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Sites let consumers, competitors in on Black Friday strategies

blog Web sites that post Black Friday ads early force retailers to undercut each other, which means even more online sales.

SANTA CLARA, Calif.--Web sites that post Black Friday advertising circulars days before the traditional kickoff to the holiday shopping season are forcing major retailers to enter a cost-cutting arms race that results in even more online sales.

Bargain hunters who like to plan their Black Friday attack strategy are probably already aware of ad sites like BFAds.net and BlackFridayAds.com. And retailers are no strangers to the sites either.

The sites leaked the circulars advertising the day-after-Thanksgiving prices of electronics at major retailers such as Best Buy, Circuit City, Wal-Mart, Target and others. Consumers weren't the only ones who benefited from the information. Electronics manufacturers and retailers were also able to use the leaked ads to their own advantage, analyst Stephen Baker of the The NPD Group told attendees at a DisplaySearch holiday sales forecast here.

"This year BlackFridayAds.net (and others) made it so no retailers could sneak up on each other," he said. "They knew ahead of time and could formulate a response. They took advantage of that to drive traffic and sales in these big categories."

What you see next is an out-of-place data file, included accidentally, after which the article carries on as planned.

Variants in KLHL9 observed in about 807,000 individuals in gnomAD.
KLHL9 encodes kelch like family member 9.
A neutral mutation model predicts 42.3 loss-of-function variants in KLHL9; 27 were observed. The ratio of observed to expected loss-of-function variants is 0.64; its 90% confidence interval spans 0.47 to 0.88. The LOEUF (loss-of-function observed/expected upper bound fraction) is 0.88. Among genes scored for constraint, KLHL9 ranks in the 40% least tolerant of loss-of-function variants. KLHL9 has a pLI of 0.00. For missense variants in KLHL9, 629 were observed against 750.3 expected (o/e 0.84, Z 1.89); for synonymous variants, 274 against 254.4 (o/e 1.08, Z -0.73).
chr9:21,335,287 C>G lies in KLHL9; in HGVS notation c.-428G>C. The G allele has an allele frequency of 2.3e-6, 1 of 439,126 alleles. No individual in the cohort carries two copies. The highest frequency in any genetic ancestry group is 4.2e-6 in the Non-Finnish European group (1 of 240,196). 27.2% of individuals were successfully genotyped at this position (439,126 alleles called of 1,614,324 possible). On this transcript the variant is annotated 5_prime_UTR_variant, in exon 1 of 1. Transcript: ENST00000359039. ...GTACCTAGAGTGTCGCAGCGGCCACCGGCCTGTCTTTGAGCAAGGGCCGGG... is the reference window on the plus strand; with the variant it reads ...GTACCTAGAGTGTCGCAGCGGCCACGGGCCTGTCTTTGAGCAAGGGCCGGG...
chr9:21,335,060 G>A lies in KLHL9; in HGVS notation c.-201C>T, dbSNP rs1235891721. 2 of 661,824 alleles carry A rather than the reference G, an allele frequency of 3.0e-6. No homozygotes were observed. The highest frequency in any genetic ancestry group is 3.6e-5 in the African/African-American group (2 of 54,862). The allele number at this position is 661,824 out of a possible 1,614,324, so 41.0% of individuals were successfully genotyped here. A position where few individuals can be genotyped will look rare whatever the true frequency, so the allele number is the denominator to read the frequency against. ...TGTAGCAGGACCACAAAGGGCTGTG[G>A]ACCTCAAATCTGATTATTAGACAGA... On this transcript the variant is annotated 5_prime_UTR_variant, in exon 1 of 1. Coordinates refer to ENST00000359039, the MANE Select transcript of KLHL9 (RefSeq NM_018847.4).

Being able to match the aggressive prices of competitors could have driven the growth of this season's success stories: flat-panel televisions and notebook PCs, both of which experienced huge increases in unit sales during the post-Thanksgiving shopping period. Sales of liquid crystal display televisions were up 200 percent, and notebook PCs were up more than 50 percent compared to the same week in 2005.

Baker added that retailers began to strategize and integrate their online and in-store prices on Black Friday. There was a lot more pricing activity on the Web than before, which retailers used to react to strategies of other brands or competitors. Some manufacturers and retailers also had online-only sales and secret sales that only consumers who happened to go to a particular Web site would see, he said.

But what effect will this have on the Black Friday shopping ritual cherished/abhorred by so many? Baker said he wasn't sure, but some may find it unfair that those who casually surf to the Web site of a manufacturer or retailer could get a similar or better price as those who queued up outside stores at 3 a.m. in the cold.

He was sure, however that Dec. 23 falls on a Saturday this year. "Don't go anywhere near the malls," he jokingly advised attendees--NPD is predicting it will be the biggest shopping day in consumer electronics history.

Consider yourselves warned.